These types of beverages, however, are specialty items and are generally not consumed every day. This may be in part because of their high price relative to average incomes, but awareness of the impact of over-consumption among Vietnam’s consumer class should not be understated either.

Vietnam’s sugar tax for foreign firms

Vietnam’s sugar tax may not pass muster with key decision makers just yet, but the multiple attempts to make the tax a reality suggest it is not going away. With this in mind, foreign beverage makers should plan accordingly.

A pivot to healthier, low-sugar options may be one way to shore up a firm’s market share; another may be to adjust product offerings to better cater to Vietnamese tastes and local trends. All in all, an understanding of the Vietnamese market is key.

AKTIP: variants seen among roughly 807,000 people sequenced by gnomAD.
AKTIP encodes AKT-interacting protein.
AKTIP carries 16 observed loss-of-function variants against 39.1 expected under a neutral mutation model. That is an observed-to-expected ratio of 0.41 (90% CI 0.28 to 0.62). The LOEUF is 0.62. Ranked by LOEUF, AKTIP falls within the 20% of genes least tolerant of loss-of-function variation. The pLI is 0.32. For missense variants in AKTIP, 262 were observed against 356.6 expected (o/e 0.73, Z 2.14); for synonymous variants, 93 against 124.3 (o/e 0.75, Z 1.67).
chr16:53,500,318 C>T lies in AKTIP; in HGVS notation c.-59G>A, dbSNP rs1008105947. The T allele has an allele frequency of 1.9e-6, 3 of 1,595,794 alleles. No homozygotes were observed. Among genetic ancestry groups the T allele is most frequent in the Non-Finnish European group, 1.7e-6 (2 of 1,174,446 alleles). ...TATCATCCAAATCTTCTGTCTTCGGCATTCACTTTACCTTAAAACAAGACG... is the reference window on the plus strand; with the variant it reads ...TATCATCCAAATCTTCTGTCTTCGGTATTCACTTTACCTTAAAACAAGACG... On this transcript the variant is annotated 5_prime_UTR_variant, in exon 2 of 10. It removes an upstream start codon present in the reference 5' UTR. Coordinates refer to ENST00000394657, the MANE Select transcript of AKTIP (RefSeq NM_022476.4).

In this light, firms looking to manufacture beverages in Vietnam or to access Vietnam’s 100 million-strong consumer market should contact the business advisory experts at Dezan Shira and Associates.

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Dezan Shira & Associates provide business intelligence, due diligence, legal, tax and advisory services throughout the Vietnam and the Asian region. We maintain offices in Hanoi and Ho Chi Minh City, as well as throughout China, South-East Asia, India, and Russia. For assistance with investments into Vietnam please contact us at vietnam@dezshira.com or visit us at www.dezshira.com